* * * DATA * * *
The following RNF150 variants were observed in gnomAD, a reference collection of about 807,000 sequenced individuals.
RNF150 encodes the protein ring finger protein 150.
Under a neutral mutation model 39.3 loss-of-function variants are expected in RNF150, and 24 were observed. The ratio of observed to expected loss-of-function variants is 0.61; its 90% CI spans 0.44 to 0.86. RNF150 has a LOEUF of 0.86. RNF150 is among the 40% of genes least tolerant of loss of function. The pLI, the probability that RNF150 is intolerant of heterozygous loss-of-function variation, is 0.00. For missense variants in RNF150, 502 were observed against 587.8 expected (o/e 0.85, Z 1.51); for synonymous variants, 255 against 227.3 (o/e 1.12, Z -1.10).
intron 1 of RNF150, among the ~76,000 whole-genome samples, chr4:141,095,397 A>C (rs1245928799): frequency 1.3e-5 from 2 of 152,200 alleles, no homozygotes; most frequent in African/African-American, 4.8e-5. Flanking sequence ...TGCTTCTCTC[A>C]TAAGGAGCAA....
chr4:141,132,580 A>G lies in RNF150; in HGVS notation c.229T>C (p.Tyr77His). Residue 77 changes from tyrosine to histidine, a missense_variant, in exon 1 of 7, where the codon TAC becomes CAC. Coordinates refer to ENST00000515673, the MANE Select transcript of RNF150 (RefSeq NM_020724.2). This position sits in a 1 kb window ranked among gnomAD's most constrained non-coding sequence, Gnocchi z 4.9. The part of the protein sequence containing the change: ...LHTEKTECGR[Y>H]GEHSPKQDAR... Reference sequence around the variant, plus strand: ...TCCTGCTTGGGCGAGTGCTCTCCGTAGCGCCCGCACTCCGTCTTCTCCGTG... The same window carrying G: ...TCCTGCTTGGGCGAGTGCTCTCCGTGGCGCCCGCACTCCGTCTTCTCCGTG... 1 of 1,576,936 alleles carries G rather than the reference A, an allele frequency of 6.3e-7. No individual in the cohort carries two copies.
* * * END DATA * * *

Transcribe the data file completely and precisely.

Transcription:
The following RNF150 variants were observed in gnomAD, a reference collection of about 807,000 sequenced individuals.
RNF150 encodes the protein ring finger protein 150.
Under a neutral mutation model 39.3 loss-of-function variants are expected in RNF150, and 24 were observed. The ratio of observed to expected loss-of-function variants is 0.61; its 90% CI spans 0.44 to 0.86. RNF150 has a LOEUF of 0.86. RNF150 is among the 40% of genes least tolerant of loss of function. The pLI, the probability that RNF150 is intolerant of heterozygous loss-of-function variation, is 0.00. For missense variants in RNF150, 502 were observed against 587.8 expected (o/e 0.85, Z 1.51); for synonymous variants, 255 against 227.3 (o/e 1.12, Z -1.10).
intron 1 of RNF150, among the ~76,000 whole-genome samples, chr4:141,095,397 A>C (rs1245928799): frequency 1.3e-5 from 2 of 152,200 alleles, no homozygotes; most frequent in African/African-American, 4.8e-5. Flanking sequence ...TGCTTCTCTC[A>C]TAAGGAGCAA....
chr4:141,132,580 A>G lies in RNF150; in HGVS notation c.229T>C (p.Tyr77His). Residue 77 changes from tyrosine to histidine, a missense_variant, in exon 1 of 7, where the codon TAC becomes CAC. Coordinates refer to ENST00000515673, the MANE Select transcript of RNF150 (RefSeq NM_020724.2). This position sits in a 1 kb window ranked among gnomAD's most constrained non-coding sequence, Gnocchi z 4.9. The part of the protein sequence containing the change: ...LHTEKTECGR[Y>H]GEHSPKQDAR... Reference sequence around the variant, plus strand: ...TCCTGCTTGGGCGAGTGCTCTCCGTAGCGCCCGCACTCCGTCTTCTCCGTG... The same window carrying G: ...TCCTGCTTGGGCGAGTGCTCTCCGTGGCGCCCGCACTCCGTCTTCTCCGTG... 1 of 1,576,936 alleles carries G rather than the reference A, an allele frequency of 6.3e-7. No individual in the cohort carries two copies.